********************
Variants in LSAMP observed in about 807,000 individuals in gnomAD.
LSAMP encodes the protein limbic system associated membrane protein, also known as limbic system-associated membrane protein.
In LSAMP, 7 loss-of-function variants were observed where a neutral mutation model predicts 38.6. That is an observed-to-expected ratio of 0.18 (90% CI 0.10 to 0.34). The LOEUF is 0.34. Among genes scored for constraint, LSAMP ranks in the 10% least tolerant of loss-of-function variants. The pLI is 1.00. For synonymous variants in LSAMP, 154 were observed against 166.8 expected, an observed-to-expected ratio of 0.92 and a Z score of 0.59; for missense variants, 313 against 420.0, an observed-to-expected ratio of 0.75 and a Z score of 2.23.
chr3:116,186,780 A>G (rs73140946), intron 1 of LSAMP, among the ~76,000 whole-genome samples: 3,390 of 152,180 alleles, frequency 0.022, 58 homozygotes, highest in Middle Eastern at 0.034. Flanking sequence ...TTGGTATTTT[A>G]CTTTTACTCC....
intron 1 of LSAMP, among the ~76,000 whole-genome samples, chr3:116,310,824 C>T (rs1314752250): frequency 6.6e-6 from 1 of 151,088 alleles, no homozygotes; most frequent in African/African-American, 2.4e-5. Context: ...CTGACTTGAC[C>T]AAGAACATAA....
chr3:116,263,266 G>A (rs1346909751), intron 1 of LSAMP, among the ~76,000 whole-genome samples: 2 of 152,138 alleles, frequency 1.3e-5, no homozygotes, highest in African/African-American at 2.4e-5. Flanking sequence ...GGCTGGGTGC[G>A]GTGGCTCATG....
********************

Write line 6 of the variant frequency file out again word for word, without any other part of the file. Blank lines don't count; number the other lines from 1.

chr3:116,263,266 G>A (rs1346909751), intron 1 of LSAMP, among the ~76,000 whole-genome samples: 2 of 152,138 alleles, frequency 1.3e-5, no homozygotes, highest in African/African-American at 2.4e-5. Flanking sequence ...GGCTGGGTGC[G>A]GTGGCTCATG....